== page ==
Oval Park Renovation, Durham, N.C.

Oval Park in Durham, North Carolina, is a busy gathering place for the active residents of the surrounding Watts Hospital-Hillandale neighborhood. This successful renovation project fixed ongoing problems at the park: inaccessible walks and play equipment, poor drainage and excessive compaction. Since the renovation, the park has become a place that neighbors of all mobility levels and all ages can enjoy together. Susan Hatchell Landscape Architecture facilitated public input meetings with local residents, prepared concept plans and construction drawings and worked with the city construction manager to observe construction.

Lake Myra County Park Master Plan Wake County, N.C.,

Located in southeastern Wake County, N.C., near the rapidly developing towns of Wendell and Knightdale, this 224-acre future park overlooks scenic Lake Myra. The site features rock outcroppings, rolling former farm fields, historic structures, steep bluffs along creeks and a mature hardwood forest. The site is adjacent to new and planned residential developments, and a new elementary school. The park plan has innovative approaches to sustainable site and building design. The Environmental Education Center will include geothermal HVAC systems and rainwater harvesting, both to be used as teaching tools to explain sustainability elements to the general public.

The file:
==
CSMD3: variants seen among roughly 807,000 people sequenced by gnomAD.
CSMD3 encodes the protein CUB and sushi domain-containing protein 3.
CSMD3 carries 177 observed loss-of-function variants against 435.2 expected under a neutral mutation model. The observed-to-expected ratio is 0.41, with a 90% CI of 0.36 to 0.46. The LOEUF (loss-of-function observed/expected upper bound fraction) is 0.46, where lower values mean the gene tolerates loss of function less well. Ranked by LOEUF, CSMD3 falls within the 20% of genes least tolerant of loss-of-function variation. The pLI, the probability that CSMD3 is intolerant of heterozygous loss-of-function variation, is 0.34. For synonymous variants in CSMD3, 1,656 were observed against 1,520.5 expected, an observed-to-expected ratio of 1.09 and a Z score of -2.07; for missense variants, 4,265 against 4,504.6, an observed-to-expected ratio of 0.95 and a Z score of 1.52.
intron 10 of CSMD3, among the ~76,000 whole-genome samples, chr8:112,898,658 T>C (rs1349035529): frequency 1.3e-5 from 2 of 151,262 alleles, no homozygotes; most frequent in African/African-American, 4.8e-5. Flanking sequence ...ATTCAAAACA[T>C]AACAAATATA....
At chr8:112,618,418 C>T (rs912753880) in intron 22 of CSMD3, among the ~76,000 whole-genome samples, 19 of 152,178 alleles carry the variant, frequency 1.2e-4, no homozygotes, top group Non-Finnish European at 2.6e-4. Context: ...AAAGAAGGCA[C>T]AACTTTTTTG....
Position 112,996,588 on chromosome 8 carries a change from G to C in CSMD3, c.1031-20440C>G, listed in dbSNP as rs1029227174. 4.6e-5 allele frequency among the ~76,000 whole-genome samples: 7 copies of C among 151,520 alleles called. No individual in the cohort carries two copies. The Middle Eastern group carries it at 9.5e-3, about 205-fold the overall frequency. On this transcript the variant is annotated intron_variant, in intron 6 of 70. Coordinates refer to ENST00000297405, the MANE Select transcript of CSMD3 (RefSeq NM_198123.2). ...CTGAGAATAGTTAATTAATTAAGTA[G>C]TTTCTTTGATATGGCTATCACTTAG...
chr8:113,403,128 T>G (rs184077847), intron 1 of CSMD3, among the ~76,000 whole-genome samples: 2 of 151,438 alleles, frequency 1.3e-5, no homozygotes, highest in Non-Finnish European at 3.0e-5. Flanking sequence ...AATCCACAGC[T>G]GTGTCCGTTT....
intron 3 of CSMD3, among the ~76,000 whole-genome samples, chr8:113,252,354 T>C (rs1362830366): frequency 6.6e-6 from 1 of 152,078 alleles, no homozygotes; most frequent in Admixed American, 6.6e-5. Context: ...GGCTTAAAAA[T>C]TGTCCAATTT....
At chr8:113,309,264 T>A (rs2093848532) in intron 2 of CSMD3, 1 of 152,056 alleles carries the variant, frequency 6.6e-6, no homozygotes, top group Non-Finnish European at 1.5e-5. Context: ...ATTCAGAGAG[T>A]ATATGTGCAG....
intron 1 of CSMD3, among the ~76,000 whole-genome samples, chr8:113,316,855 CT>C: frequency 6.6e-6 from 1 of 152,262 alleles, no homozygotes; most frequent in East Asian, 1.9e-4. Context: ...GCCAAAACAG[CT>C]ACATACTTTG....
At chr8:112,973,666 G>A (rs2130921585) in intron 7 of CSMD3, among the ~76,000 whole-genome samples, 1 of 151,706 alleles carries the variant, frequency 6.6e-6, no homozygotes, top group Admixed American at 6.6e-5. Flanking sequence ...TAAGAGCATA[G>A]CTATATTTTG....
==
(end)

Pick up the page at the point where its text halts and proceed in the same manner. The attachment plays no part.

1. What was the pivotal or motivating factor(s) that made you choose a career in landscape architecture?
I was born in Washington, D.C., a rich, iconic public place with fabulous monuments, parks, gardens and parkways. That landscape and its history made a profound and lasting impression on me. My love of outdoors started with the urban built environment of one of the greatest cities in the nation. I love trees and plants, art, design, science and critical thinking. I found horticulture first, but it wasn't the perfect fit for me. I found landscape architecture while studying horticulture, but it's all good. It's been a great journey.

2. What in particular do you attribute your success to?
Persistence! Perseverance. Patience. My parents promoted lifelong learning, and I'm good at self-motivation, and I like working hard. I am not happy with the status quo, and I like to make things happen. "Success" came to me once I opened myself up to risks and got over my shyness. I started being involved in the ASLA and finding my leadership skills there, and at work. I learned to speak up. Basically, you have to decide if you want to ride on the bus, or if you want to drive the bus. Success is easier when you're the driver, and you get the best view.

3. What career advice would you give to a recently graduated landscape architectural student?
I love talking with students and recent graduates because they have this infectious energy and excitement for the profession and the future! "Success" doesn't come instantaneously with a degree. It happens incrementally, over many years as you develop skills, network and reputation. When we are children, we work hard to try to fit in, and it is usually difficult and painful when we don't. As adults, we need to figure out how to differentiate ourselves to excel, but we've been working so long to fit in! What makes YOU unique and different? What do YOU have to offer? BE the leader that you'd want to follow. Be involved! Be an active participant in your professional organization. Be a volunteer in your community. Be a vocal advocate and teach and learn. Be a friend and mentor to others. Step outside your comfort zone in small ways to build confidence and push yourself a bit. Find your voice, and use it!

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February 17, 2020, 1:36 pm PDT